The Map of Time by Felix J. Palma
Review by Pam Blittersdorf
I picked up this book because it had great cover art and an interesting title. These seemed to promise a grand adventure of some kind, perhaps fantasy or science fiction, with a strong dash of steampunk and some interesting characters. Does selecting a book this way make the reader shallow and unthinking? When the book becomes something completely unexpected, does the reader have reason to be angry or disgusted? In truth, friends, when was the last time that you read something that induced so much introspection and self-doubt? If you knew that the subject was time-travel and the book’s characters included H.G. Wells, Bram Stoker and Joseph Merrick, wouldn’t you expect a bit of a romp? A quick glance at the readers’ comments on Amazon show that some folks hated this book for the very reasons I have mentioned here: it wasn’t exactly what they expected. At first, the pace of this novel is so slow that one is tempted to abandon the book. A young man contemplating suicide on the opening page is still alive and still suicidal on page 75. The book is 600 pages; you may begin to question your stamina. Suddenly, the perspective changes, the pace quickens, the story focuses on new characters, and the narrator steps out of third person voice to make sly jokes. What is the author doing? Well, dear reader, he is toying with you.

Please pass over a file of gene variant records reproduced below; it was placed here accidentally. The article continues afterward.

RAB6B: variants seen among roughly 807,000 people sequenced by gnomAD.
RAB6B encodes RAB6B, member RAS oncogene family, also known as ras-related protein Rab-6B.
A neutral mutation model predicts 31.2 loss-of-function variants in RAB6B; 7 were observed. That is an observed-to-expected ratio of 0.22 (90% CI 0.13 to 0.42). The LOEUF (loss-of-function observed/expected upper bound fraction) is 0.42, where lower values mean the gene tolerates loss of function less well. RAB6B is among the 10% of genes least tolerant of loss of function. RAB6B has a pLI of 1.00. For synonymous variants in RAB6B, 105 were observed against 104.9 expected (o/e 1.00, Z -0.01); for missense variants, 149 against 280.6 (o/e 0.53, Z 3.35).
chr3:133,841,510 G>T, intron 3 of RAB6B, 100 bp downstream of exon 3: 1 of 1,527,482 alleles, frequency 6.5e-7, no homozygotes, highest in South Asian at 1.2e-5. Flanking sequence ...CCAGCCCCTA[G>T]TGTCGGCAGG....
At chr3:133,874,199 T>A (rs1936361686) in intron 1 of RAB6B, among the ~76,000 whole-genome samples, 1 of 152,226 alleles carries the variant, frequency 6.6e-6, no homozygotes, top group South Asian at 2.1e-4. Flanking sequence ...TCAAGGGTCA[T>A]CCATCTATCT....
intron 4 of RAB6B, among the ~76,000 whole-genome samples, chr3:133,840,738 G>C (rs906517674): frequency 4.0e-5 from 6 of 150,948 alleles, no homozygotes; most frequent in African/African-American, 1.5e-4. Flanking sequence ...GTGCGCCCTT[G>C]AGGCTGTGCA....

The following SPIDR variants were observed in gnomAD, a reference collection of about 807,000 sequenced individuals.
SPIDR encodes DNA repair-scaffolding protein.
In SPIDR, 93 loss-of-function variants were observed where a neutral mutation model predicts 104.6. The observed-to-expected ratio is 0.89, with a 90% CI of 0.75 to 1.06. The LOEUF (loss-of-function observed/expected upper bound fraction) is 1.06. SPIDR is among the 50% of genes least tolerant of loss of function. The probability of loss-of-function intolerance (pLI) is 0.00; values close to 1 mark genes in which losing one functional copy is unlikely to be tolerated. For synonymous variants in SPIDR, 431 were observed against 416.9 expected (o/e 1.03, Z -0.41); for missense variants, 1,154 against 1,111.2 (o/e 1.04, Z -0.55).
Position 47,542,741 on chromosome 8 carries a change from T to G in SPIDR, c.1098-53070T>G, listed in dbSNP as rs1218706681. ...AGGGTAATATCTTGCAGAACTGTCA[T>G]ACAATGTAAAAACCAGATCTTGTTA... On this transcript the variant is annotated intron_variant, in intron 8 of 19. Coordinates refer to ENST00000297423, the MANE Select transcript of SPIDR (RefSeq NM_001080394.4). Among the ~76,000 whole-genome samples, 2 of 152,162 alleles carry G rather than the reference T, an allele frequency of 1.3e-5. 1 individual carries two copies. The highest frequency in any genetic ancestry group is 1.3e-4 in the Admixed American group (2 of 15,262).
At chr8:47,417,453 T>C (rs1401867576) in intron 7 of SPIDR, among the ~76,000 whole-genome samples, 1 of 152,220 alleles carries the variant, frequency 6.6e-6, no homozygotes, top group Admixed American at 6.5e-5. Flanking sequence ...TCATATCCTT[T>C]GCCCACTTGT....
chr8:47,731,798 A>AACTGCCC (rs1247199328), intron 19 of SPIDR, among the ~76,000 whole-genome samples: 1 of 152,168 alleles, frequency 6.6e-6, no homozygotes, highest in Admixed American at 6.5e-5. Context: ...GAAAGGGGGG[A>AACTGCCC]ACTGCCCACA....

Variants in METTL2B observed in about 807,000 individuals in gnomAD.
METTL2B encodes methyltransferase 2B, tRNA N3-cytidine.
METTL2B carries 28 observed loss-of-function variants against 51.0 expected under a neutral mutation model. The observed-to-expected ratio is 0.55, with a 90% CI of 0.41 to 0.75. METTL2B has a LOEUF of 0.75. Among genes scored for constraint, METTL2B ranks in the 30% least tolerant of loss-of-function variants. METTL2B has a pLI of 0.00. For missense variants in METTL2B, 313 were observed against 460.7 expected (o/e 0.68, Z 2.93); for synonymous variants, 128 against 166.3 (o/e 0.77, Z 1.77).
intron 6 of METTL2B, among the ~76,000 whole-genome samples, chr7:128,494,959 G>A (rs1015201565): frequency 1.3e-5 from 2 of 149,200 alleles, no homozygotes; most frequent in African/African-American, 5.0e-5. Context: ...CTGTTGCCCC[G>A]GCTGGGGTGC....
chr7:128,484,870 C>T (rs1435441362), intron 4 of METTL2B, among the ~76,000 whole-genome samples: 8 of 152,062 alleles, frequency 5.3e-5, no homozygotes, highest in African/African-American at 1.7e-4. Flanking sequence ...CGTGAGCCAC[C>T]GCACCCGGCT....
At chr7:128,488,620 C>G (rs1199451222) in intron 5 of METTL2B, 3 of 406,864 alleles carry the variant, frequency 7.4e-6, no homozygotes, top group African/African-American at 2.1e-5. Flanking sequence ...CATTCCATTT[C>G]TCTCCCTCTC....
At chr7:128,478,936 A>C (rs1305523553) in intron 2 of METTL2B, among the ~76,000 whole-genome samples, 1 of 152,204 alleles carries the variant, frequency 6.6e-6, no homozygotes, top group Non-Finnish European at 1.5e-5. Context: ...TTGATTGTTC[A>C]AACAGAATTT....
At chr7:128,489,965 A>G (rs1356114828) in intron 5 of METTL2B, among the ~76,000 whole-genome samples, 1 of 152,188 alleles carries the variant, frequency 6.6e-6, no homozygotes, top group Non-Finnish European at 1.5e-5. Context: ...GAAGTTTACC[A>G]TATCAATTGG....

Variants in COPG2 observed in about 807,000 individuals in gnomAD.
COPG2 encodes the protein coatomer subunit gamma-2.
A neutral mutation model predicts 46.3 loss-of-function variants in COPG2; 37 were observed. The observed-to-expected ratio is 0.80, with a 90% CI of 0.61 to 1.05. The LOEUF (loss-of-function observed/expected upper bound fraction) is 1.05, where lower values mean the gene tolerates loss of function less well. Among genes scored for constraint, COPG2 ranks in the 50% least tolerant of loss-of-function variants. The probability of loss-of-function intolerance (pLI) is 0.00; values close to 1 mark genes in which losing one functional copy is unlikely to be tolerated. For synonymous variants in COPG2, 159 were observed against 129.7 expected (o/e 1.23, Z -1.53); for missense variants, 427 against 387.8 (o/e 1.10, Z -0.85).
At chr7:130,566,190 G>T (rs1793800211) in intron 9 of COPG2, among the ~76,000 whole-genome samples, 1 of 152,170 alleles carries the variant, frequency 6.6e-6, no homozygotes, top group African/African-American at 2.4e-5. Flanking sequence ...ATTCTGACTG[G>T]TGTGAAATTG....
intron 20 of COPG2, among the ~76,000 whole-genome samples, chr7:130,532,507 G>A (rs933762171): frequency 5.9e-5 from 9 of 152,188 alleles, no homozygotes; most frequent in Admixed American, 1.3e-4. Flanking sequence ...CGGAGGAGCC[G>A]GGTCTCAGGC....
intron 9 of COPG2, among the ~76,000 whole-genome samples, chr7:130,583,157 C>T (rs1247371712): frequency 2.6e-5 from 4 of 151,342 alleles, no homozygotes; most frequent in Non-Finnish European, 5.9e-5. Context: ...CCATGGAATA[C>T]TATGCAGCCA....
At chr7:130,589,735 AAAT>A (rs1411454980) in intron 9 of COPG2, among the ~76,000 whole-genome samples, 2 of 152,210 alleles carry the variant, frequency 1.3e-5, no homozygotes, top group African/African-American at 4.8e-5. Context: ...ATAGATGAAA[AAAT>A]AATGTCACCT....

All authors manipulate their audiences. This is why we come to fiction. We allow someone else to temporarily direct the narrative, to bend our perceptions in a particular direction and perhaps even to subtly affect our values. Mr. Palma insists on underlining that fact, yanking back the curtain that ordinarily conceals the writer to show you the man behind it, pulling levers and turning gears. Why does he risk alienating the reader? He is showing us the very heart of his novel: the complex relationship between what we experience, what is real and where our imaginations take us.
If you are patient and willing to take the journey the author proposes, you will be rewarded. There is adventure, true love and yes, time travel. Mild-mannered and unassuming, H.G. Wells emerges a hero. Palma has said of his book:
Apart from entertainment, I would like to leave the reader with the idea that the imagination can make our lives more beautiful.
The more I read, the more riveted I became. Will The Map of Time have the same effect on you? As it says on page one: “Your emotion and astonishment are guaranteed.”
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About the reviewer: Many patrons remember Pam as one of the best Reference Librarians TPL has ever had!